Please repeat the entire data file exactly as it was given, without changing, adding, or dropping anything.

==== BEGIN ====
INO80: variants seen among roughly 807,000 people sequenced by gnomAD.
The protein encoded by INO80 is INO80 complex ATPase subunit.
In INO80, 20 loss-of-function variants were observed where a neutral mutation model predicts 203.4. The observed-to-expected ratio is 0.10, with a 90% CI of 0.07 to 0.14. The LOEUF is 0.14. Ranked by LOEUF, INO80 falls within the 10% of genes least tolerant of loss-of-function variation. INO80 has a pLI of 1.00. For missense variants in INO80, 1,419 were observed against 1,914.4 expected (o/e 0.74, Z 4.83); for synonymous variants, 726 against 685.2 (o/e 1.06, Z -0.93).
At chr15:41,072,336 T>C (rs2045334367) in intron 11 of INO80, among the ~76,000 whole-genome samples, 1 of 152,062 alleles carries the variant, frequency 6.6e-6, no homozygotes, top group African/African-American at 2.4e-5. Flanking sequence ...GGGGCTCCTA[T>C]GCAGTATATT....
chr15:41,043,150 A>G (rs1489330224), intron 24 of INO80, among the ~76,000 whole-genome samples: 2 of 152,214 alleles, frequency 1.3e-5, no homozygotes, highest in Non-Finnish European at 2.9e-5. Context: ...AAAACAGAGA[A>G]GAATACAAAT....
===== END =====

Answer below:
INO80: variants seen among roughly 807,000 people sequenced by gnomAD.
The protein encoded by INO80 is INO80 complex ATPase subunit.
In INO80, 20 loss-of-function variants were observed where a neutral mutation model predicts 203.4. The observed-to-expected ratio is 0.10, with a 90% CI of 0.07 to 0.14. The LOEUF is 0.14. Ranked by LOEUF, INO80 falls within the 10% of genes least tolerant of loss-of-function variation. INO80 has a pLI of 1.00. For missense variants in INO80, 1,419 were observed against 1,914.4 expected (o/e 0.74, Z 4.83); for synonymous variants, 726 against 685.2 (o/e 1.06, Z -0.93).
At chr15:41,072,336 T>C (rs2045334367) in intron 11 of INO80, among the ~76,000 whole-genome samples, 1 of 152,062 alleles carries the variant, frequency 6.6e-6, no homozygotes, top group African/African-American at 2.4e-5. Flanking sequence ...GGGGCTCCTA[T>C]GCAGTATATT....
chr15:41,043,150 A>G (rs1489330224), intron 24 of INO80, among the ~76,000 whole-genome samples: 2 of 152,214 alleles, frequency 1.3e-5, no homozygotes, highest in Non-Finnish European at 2.9e-5. Context: ...AAAACAGAGA[A>G]GAATACAAAT....